The World’s Muslims: Does One Size Fit All?

Book excerpt: Who Speaks For Islam? What A Billion Muslims Really Think.

While many people commonly speak of Islam and Muslims in broad, all-encompassing terms, there are many interpretations of Islam and many different Muslims. Muslims comes from diverse nationalities, ethnic and tribal groups, and cultures; speak many languages; and practice distinct customs. The majority of the world’s Muslims live in Asia and Africa, not the Arab world. Only about one in five of the world’s Muslims are Arabs. The largest Muslim communities are in Indonesia, Bangladesh, Pakistan, India and Nigeria rather than Saudi Arabia, Egypt or Iran. And millions of Muslims live in Europe, the United States, and Canada, where they represent the second and third largest religion (second largest in Europe and Canada and third largest in the United States). Because of globalization and emigration, today the major cities where Muslims live are not only exotic-sounding places such as Cairo, Damascus, Baghdad, Mecca, Islamabad, and Kuala Lumpur, but also London, Paris, Marseilles, Brussels, New York, Detroit and Los Angeles.

Religiously, culturally, economically, and politically, there are multiple images and realities of Islam and of Muslims.

Religiously, Muslims are Sunni (85%), who are the majority in most Muslim countries, or Shia (15%), who predominate in Iran, Iraq, and Bahrain. After the Prophet Muhammad ﷺ passed away, Sunnis believed that the most qualified person should be selected as his successor. A minority, the followers of Ali (Shi’ites), said the Prophet Muhammad ﷺ had designiated Ali, his cousin and son-in-law, to be leader (imam) and that leadership should be within the family of the Prophet ﷺ. In contract to a Sunni Caliph or ruler, a Shia imam is both a religious leader and a political leader and has special spiritual significance. […]

Like other religions, Islam also has different – and sometimes contending – theologies, law schools and Sufi (mystic) order. Finally, Muslims, whether Sunni or Shia, can be observant or non-observant – conservative, fundamentalist, reformist, secular, mainstream or religious extremist.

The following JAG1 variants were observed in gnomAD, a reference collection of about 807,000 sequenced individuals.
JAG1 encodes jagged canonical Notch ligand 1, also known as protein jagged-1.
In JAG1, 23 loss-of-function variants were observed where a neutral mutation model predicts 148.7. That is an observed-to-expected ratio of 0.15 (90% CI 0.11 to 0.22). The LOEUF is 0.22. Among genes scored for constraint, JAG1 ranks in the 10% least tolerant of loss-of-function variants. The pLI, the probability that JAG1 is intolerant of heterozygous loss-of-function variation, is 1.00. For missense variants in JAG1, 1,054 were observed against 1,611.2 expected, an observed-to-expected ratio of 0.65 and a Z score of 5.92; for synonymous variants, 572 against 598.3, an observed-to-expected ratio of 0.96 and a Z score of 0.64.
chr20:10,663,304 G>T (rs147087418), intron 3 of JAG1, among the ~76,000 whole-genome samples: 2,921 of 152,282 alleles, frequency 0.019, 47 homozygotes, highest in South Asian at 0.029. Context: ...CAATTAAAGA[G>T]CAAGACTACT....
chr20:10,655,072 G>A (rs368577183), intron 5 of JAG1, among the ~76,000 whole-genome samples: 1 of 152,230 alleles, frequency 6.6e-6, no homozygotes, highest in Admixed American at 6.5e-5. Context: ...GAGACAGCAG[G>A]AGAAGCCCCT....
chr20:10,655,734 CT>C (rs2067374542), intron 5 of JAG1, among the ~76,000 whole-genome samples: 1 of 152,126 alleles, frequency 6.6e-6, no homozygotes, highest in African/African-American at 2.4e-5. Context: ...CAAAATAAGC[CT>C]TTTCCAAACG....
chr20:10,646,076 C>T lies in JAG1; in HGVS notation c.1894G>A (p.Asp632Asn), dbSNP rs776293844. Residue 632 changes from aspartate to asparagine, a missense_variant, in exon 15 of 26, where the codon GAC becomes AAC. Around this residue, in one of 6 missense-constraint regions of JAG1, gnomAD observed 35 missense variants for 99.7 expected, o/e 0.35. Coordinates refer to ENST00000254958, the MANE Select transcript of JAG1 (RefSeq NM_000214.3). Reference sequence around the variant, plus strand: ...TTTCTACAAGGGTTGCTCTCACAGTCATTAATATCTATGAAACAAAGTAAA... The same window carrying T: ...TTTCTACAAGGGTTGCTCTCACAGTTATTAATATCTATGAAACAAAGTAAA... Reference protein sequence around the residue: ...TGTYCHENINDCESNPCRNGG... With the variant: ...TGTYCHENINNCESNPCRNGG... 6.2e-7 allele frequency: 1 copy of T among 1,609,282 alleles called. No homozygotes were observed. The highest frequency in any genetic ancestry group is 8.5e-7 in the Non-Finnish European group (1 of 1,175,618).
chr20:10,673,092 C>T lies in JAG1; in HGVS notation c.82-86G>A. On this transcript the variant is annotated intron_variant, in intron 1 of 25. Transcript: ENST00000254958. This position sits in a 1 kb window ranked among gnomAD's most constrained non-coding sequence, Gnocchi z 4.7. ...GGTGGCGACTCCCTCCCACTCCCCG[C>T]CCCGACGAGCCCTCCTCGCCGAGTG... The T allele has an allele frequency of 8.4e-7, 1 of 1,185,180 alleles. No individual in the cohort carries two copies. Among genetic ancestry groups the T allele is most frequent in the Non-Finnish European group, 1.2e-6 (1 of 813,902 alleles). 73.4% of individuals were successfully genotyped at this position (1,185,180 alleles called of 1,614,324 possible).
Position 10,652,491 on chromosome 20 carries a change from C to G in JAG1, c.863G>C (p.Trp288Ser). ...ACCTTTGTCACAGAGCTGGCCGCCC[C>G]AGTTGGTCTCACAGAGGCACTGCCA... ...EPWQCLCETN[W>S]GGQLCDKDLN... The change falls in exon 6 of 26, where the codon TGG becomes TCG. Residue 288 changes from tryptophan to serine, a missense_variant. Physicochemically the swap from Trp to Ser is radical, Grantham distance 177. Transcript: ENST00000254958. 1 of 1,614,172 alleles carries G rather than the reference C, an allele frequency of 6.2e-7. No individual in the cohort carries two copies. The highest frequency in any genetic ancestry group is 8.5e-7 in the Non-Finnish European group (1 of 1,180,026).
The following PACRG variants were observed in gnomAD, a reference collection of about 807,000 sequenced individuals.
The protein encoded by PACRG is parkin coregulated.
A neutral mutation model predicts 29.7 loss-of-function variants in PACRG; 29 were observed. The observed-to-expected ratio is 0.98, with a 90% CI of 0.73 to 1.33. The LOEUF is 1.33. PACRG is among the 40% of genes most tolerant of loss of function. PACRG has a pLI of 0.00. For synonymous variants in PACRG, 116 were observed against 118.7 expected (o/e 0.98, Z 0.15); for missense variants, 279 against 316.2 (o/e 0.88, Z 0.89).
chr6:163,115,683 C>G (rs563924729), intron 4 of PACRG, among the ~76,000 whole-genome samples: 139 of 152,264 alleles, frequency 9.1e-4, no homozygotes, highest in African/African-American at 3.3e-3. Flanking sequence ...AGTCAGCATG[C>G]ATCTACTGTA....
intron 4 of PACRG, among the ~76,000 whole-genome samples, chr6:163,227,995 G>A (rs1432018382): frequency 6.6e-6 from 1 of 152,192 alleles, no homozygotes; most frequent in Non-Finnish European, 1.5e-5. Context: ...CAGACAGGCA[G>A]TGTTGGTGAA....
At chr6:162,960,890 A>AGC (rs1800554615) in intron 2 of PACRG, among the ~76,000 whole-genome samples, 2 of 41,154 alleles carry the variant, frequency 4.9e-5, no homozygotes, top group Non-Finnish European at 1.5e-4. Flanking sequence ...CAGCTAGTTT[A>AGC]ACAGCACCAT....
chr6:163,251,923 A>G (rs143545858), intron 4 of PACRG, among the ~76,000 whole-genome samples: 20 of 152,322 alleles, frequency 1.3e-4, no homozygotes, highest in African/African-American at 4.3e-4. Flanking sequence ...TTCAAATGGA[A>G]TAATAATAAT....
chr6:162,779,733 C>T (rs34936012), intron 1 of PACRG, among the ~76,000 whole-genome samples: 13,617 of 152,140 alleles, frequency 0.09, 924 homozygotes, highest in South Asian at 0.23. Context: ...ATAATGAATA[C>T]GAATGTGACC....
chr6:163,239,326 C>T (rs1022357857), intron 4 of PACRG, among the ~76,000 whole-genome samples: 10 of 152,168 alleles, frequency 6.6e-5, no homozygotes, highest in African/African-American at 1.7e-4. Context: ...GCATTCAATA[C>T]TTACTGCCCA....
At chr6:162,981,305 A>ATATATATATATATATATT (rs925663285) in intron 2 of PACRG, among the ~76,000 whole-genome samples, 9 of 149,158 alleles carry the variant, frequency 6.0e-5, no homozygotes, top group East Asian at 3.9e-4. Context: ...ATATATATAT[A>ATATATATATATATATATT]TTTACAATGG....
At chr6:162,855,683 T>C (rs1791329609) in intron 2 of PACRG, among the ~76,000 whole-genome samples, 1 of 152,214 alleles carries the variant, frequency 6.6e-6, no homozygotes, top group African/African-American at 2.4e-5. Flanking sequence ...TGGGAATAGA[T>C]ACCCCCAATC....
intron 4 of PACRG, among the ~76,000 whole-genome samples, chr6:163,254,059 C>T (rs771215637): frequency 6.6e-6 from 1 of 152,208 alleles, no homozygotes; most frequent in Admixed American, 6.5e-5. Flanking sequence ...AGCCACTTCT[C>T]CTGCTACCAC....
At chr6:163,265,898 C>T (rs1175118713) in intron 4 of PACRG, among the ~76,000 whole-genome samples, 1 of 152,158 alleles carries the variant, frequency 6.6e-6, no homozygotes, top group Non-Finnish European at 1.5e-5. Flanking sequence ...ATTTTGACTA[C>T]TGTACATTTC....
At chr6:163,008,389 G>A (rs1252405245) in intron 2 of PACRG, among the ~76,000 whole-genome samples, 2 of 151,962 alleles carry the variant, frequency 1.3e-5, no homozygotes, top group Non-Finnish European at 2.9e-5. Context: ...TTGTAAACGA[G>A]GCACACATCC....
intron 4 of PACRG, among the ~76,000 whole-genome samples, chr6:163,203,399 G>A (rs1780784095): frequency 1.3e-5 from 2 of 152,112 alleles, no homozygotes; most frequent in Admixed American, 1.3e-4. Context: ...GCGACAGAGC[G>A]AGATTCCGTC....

The world’s 1.3 billion Muslims live in some 57 countries with substantial or majority Muslim populations in Europe, North America, and across the world. […] Muslims speak not only Arabic, but also Persian, Turkish, Urdu, Swahili, Bahasa, Indonesian, and Chinese, as well as English, French, German, Danish and Spanish.

Muslim women’s dress, educational and professional opportunities, and participation in society vary significantly too. Women in some Muslim societies cannot drive cars and are sexually segregated, but women in many other parts of the world drive cars, ride motorcycles, and even fly planes. Some Muslim women are required by law to fully cover themselves in public, while others are prohibited from displaying the Muslim headscarf. A growing number of Muslim woman are choosing to cover their heads, while others do not. In the United Arab Emirates and Iran, women make up the majority of university of students. In other parts of the world, women lag behind men in even basic literacy.

Women serve in government in parliaments and cabinets and have headed governments in Turkey, Pakistan, Bangladesh, and Indonesia, while in other Muslim countries, women are srtuggling for the right to vote and run for office. Muslim women may wear a sari, panstsuit, blue jeans, dress, or skirt, just as Muslim men may wear flowing robes, blue jeans, pullover sweaters or three-piece business suits and may be bearded or clean shaven.

Perhaps the most striking examples of diversity in the Muslim world are in economic and political development. Economically, the oil-rich and rapidly developing Persian Gulf states such as Qatar, United Arab Emirates, and Saudi Arabia and worlds apart from poor, struggling, underdeveloped countries such as Mali and Yemen. And politically, Islamic governments in Iran, Sudan and the Taliban’s Afghanistan stand in sharp relief with the more secular-oriented governments of Egypt, Syria, Turkey and Indonesia.

In Turkey, Algeria, Jordan, Egypt, Kuwait, Yemen, Pakistan, and Malaysia, Islamic activists have emerged as an “alternative elite” in mainstream society. Members or former members of Islamic organizations have been elected to parliaments and served in cabinets and as prime ministers and presidents of countries such as Turkey, Kuwait, Jordan, Iraq, Lebanon, Sudan, Iran, Egypt, Pakistan, Malaysia, and Indonesia. Islamic associations provide social services and inexpensive and efficient educational, legal, and medical services in the slums and many lower middle-class neighborhoods of Cairo, Algiers, Beirut, Mindanao, the West Bank and Gaza.

All the while – and in stark contrast – militant groups have terrorized Muslim societies in the name of Islam; attacked New York’s World Trade Centre and the Pentagon in Washington, D.C.; and set of bombs in Madrid and London. They reflect the radicalism that threatens the Muslim and Western worlds.

The vast diversity of Islam and of mainstream moderate Muslims has been overshadowed and obscured by a deadly minority of political (or ideological) extremists. In a monolithic “us” and “them” world, Islam – not just Muslims who are radical – is seen as a global threat, and those who believe in an impeding clash of civilizations, are not only the bin Ladens of the world, but also many of us.


Check out Link TV's Documentary, Who Speaks For Islam: Muslims On Screen

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